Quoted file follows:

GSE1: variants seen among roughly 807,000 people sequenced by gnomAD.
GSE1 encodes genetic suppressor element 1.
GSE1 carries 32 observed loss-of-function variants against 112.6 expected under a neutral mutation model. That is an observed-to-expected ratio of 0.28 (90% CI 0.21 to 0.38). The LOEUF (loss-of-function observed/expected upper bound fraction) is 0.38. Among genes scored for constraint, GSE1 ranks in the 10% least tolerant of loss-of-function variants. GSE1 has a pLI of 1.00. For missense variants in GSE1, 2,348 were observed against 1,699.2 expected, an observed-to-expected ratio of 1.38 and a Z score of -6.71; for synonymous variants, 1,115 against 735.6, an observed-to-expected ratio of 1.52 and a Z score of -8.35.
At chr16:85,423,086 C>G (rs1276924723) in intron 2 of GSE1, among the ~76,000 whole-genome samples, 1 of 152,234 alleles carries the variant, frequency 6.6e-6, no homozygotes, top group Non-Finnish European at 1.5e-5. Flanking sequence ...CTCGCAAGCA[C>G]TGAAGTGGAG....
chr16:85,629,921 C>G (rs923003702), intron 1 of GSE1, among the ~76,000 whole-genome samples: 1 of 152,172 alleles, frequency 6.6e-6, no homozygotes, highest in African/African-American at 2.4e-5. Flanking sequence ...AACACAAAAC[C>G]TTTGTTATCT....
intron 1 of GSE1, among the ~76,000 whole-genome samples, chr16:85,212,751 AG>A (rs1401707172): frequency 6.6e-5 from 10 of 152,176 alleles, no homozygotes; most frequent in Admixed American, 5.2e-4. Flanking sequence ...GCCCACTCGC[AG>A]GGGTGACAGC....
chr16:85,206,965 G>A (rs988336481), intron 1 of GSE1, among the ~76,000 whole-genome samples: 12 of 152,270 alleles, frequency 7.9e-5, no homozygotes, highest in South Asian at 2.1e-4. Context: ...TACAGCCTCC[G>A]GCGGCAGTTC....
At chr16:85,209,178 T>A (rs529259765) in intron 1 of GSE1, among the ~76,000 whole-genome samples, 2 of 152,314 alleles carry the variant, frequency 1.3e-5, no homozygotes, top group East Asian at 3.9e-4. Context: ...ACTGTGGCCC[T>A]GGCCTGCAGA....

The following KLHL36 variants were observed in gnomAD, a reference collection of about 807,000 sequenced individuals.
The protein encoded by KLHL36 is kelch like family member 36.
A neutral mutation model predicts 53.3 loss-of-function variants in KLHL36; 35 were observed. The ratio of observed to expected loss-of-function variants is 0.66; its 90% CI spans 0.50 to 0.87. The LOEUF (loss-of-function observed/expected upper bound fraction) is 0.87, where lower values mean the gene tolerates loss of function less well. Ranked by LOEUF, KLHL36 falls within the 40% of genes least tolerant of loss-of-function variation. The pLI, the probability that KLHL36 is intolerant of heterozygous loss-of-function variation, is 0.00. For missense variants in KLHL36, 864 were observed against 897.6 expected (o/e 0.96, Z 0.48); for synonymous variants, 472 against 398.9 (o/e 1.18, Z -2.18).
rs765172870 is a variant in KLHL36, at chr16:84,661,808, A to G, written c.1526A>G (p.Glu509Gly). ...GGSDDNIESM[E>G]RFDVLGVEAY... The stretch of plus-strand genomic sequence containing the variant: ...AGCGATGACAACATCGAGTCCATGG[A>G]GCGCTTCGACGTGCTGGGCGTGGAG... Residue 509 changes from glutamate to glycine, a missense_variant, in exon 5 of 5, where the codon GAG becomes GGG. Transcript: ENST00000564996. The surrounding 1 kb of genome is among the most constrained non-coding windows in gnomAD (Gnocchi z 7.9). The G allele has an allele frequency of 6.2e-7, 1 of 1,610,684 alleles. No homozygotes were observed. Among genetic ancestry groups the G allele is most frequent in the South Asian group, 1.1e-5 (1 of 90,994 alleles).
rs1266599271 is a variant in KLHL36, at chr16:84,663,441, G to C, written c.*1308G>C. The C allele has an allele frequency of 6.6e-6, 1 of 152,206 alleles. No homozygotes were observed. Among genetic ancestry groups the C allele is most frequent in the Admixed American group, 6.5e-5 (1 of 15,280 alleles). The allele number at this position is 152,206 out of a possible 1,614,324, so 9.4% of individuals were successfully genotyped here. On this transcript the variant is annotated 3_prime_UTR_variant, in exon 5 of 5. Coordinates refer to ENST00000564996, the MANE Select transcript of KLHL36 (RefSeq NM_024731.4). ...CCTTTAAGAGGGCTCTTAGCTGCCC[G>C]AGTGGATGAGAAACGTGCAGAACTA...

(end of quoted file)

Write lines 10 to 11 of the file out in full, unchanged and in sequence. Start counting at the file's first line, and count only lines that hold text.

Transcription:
The protein encoded by KLHL36 is kelch like family member 36.
A neutral mutation model predicts 53.3 loss-of-function variants in KLHL36; 35 were observed. The ratio of observed to expected loss-of-function variants is 0.66; its 90% CI spans 0.50 to 0.87. The LOEUF (loss-of-function observed/expected upper bound fraction) is 0.87, where lower values mean the gene tolerates loss of function less well. Ranked by LOEUF, KLHL36 falls within the 40% of genes least tolerant of loss-of-function variation. The pLI, the probability that KLHL36 is intolerant of heterozygous loss-of-function variation, is 0.00. For missense variants in KLHL36, 864 were observed against 897.6 expected (o/e 0.96, Z 0.48); for synonymous variants, 472 against 398.9 (o/e 1.18, Z -2.18).